China’s deputy ambassador in Canberra insists Australian journalists are welcome in China, saying he was sympathetic to the case of two foreign correspondents who were forced to leave the country last year.
Wang Xining claimed it was incorrect to say that China no longer welcomed foreign journalists but said they needed to present “the true image of China”.
Wang Xining, deputy head of mission of the Chinese embassy in Canberra.Credit:Rohan Thomson
The last two journalists working in China for Australian media outlets – the ABC’s Bill Birtles and The Australian Financial Review’s Mike Smith – hurriedly left the country last year after a diplomatic stand-off in which police demanded interviews with both reporters.
The two journalists left days after the Chinese government confirmed the arrest of Cheng Lei, an Australian journalist working for Chinese state media.
Appearing at the National Press Club alongside China’s deputy head of mission, Mr Smith responded to Mr Wang by saying it was not a good situation “when your employer and government doesn’t feel like you’re safe, and have to leave”.
“I don’t think it does China any favours,” he said. “All the reporting on China is from outside China, and obviously that has a certain slant and, I mean, some of the best stories we did were out on the road, talking to ordinary people in China and getting those nuances and, you know, I think that’s the sort of one of the big tragedies out of this.”
Mr Wang said he would continue to discuss the situation with Mr Smith and insisted it was not the Chinese government’s intention for the two reporters to leave.
“I’m quite sympathetic with Michael and Bill because it was not the embassy, my embassy, or … any of our Chinese authorities who advised them to leave,” he said.
“We never discriminate against any journalists, but we hope foreign journalists in China will present the true image of China. It’s very multi-dimensional, it’s very sophisticated.”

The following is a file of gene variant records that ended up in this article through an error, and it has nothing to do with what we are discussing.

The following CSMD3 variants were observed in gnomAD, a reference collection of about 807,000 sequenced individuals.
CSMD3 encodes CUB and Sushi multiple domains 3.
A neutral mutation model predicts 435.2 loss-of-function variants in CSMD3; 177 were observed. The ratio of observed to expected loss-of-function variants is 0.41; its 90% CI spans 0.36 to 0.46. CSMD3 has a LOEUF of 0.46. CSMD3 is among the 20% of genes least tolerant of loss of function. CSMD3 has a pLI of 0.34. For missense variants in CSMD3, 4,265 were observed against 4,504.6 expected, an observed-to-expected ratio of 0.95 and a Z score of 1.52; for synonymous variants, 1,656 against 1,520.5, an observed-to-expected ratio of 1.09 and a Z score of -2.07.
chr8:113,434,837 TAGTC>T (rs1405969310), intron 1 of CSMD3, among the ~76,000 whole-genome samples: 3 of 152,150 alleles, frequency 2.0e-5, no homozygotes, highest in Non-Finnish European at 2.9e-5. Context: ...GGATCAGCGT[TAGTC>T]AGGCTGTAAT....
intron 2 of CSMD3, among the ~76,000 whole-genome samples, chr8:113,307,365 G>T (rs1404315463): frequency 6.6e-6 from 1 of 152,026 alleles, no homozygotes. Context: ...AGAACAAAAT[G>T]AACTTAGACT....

Mr Wang said Ms Cheng, who is still detained in China, was apprehended because she was “suspected of violating the security law of China and all these cases will be handled according to Chinese legal procedure”.
Relations between Australia and China deteriorated to their worst levels in decades last year with China imposing more than $20 billion of trade strikes on Australian exports and its senior government officials have refused to return the phone calls of Australian ministers.
Canberra has angered Beijing on a number of fronts including pushing for an independent inquiry into the COVID-19 pandemic and banning Chinese company Huawei from Australia’s 5G network.
Mr Wang said he didn’t see any reason why the relationship between the two governments couldn’t improve, but suggested Canberra would need to revisit its decision to ban Huawei.
“We should all observe the principle and guidelines … to provide a fair and just and non-discriminatory business environment to our businesses,” he said.
“And certainly we should value our friendship between our peoples and no obstacle should be laid intentionally to obstruct people-to-people exchange programs.
“It is very simple – as long as the Australian side will be able to do that, I don’t see any obstacle for the resumption of a normal state of our relationship.”
Get our Morning & Evening Edition newsletters
The most important news, analysis and insights delivered to your inbox at the start and end of each day. Sign up to The Sydney Morning Herald’s newsletter here, The Age’s newsletter here, Brisbane Times‘ here and WAtoday‘s here.
Most Viewed in Politics
From our partners
Source: Read Full Article